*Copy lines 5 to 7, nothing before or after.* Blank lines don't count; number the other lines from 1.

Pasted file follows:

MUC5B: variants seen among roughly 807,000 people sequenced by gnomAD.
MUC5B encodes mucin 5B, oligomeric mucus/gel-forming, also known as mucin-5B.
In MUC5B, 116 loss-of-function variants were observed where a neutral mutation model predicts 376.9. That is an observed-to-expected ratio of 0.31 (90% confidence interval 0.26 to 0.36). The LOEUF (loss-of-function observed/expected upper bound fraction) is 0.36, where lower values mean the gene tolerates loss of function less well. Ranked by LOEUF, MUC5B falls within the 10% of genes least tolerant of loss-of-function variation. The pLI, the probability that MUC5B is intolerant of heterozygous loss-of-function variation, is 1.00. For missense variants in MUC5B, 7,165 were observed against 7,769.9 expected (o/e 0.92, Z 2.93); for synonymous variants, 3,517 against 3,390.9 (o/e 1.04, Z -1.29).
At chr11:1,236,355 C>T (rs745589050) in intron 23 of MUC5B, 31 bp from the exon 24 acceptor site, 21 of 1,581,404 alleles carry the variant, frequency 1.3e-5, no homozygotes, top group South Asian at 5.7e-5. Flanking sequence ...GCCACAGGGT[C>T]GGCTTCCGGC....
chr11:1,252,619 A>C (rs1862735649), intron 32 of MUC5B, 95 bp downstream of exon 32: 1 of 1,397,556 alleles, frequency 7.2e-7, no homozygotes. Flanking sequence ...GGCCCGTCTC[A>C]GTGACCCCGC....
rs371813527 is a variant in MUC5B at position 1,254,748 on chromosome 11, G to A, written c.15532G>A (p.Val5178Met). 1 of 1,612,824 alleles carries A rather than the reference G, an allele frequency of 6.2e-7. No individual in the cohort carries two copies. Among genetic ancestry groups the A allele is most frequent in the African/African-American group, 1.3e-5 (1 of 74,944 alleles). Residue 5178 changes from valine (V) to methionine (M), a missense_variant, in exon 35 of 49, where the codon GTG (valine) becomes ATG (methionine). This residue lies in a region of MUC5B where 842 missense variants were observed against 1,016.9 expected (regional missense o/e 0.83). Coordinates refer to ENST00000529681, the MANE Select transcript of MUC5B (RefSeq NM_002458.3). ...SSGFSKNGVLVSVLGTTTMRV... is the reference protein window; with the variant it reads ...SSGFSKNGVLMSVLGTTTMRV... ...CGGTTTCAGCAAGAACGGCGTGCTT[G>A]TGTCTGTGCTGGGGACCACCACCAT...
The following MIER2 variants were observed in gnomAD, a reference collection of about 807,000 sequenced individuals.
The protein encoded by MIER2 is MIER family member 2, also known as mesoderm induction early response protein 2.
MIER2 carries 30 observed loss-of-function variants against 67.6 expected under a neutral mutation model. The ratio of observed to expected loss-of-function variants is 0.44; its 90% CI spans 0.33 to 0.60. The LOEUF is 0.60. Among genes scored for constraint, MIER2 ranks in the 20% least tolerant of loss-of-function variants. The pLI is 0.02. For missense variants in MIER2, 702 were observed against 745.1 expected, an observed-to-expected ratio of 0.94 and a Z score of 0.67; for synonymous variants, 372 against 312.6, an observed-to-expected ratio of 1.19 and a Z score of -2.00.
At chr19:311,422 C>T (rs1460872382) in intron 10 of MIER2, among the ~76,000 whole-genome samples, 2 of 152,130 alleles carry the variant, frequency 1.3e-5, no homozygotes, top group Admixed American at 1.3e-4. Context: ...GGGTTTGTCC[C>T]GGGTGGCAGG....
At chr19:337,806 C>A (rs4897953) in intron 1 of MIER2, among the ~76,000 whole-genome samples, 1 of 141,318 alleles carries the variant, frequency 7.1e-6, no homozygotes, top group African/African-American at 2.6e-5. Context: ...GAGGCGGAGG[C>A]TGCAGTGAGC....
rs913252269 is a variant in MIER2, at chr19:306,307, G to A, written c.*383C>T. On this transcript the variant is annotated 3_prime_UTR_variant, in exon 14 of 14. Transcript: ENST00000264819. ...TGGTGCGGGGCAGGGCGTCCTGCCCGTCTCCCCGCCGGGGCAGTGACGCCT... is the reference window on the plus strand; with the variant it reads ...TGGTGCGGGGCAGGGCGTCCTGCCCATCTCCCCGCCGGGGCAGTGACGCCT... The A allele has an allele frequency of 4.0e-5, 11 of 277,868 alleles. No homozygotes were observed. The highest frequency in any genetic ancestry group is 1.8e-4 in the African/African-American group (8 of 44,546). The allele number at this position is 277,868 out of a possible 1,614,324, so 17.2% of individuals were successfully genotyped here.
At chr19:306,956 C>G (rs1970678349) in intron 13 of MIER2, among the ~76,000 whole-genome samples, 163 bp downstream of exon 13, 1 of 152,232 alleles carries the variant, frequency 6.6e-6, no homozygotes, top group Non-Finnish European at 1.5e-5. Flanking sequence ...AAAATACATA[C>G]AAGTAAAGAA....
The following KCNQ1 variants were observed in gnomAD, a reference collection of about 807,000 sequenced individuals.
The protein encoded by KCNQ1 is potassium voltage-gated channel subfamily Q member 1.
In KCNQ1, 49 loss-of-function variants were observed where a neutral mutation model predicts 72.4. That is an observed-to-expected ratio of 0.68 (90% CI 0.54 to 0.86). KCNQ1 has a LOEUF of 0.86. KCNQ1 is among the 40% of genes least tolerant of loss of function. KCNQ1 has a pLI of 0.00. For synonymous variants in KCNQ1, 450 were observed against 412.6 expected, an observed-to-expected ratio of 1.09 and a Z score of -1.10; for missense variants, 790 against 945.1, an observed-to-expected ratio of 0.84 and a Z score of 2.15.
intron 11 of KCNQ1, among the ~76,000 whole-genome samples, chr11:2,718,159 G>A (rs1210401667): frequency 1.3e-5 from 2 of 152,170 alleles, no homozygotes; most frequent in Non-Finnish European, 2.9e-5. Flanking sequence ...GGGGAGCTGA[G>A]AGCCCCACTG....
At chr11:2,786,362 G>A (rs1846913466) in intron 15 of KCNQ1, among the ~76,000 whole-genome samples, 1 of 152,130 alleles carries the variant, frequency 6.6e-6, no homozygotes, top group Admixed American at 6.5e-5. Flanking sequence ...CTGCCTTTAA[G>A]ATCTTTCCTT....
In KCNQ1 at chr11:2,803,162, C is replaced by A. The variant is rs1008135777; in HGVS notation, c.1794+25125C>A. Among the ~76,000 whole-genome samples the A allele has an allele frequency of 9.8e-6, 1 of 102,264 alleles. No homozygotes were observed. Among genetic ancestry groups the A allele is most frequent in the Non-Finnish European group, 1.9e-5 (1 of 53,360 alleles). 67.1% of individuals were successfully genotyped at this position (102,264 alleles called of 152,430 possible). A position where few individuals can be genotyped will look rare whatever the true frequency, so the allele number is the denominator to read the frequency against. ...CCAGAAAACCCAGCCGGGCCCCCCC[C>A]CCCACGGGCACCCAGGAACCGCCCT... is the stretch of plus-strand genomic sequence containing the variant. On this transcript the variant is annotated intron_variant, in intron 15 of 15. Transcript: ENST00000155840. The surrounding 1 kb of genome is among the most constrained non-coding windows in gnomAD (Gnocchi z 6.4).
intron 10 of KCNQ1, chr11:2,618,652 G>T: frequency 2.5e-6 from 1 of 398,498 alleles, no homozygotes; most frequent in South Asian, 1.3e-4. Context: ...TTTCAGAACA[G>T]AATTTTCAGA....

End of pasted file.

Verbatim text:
chr11:1,252,619 A>C (rs1862735649), intron 32 of MUC5B, 95 bp downstream of exon 32: 1 of 1,397,556 alleles, frequency 7.2e-7, no homozygotes. Flanking sequence ...GGCCCGTCTC[A>C]GTGACCCCGC....
rs371813527 is a variant in MUC5B at position 1,254,748 on chromosome 11, G to A, written c.15532G>A (p.Val5178Met). 1 of 1,612,824 alleles carries A rather than the reference G, an allele frequency of 6.2e-7. No individual in the cohort carries two copies. Among genetic ancestry groups the A allele is most frequent in the African/African-American group, 1.3e-5 (1 of 74,944 alleles). Residue 5178 changes from valine (V) to methionine (M), a missense_variant, in exon 35 of 49, where the codon GTG (valine) becomes ATG (methionine). This residue lies in a region of MUC5B where 842 missense variants were observed against 1,016.9 expected (regional missense o/e 0.83). Coordinates refer to ENST00000529681, the MANE Select transcript of MUC5B (RefSeq NM_002458.3). ...SSGFSKNGVLVSVLGTTTMRV... is the reference protein window; with the variant it reads ...SSGFSKNGVLMSVLGTTTMRV... ...CGGTTTCAGCAAGAACGGCGTGCTT[G>A]TGTCTGTGCTGGGGACCACCACCAT...
The following MIER2 variants were observed in gnomAD, a reference collection of about 807,000 sequenced individuals.